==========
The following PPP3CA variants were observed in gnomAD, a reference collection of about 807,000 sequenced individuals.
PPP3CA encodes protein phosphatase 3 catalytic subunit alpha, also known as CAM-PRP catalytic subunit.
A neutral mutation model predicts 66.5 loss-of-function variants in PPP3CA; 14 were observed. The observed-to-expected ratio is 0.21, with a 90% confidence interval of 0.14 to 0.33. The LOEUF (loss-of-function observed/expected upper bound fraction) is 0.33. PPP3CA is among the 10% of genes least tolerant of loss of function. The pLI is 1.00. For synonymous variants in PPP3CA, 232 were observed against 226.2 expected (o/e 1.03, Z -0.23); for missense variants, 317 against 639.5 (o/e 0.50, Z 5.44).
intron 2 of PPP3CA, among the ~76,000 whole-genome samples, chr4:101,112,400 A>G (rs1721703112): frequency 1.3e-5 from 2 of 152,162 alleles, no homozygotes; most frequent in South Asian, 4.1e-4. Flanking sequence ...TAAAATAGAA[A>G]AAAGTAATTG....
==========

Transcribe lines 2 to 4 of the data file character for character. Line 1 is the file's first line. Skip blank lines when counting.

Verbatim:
PPP3CA encodes protein phosphatase 3 catalytic subunit alpha, also known as CAM-PRP catalytic subunit.
A neutral mutation model predicts 66.5 loss-of-function variants in PPP3CA; 14 were observed. The observed-to-expected ratio is 0.21, with a 90% confidence interval of 0.14 to 0.33. The LOEUF (loss-of-function observed/expected upper bound fraction) is 0.33. PPP3CA is among the 10% of genes least tolerant of loss of function. The pLI is 1.00. For synonymous variants in PPP3CA, 232 were observed against 226.2 expected (o/e 1.03, Z -0.23); for missense variants, 317 against 639.5 (o/e 0.50, Z 5.44).
intron 2 of PPP3CA, among the ~76,000 whole-genome samples, chr4:101,112,400 A>G (rs1721703112): frequency 1.3e-5 from 2 of 152,162 alleles, no homozygotes; most frequent in South Asian, 4.1e-4. Flanking sequence ...TAAAATAGAA[A>G]AAAGTAATTG....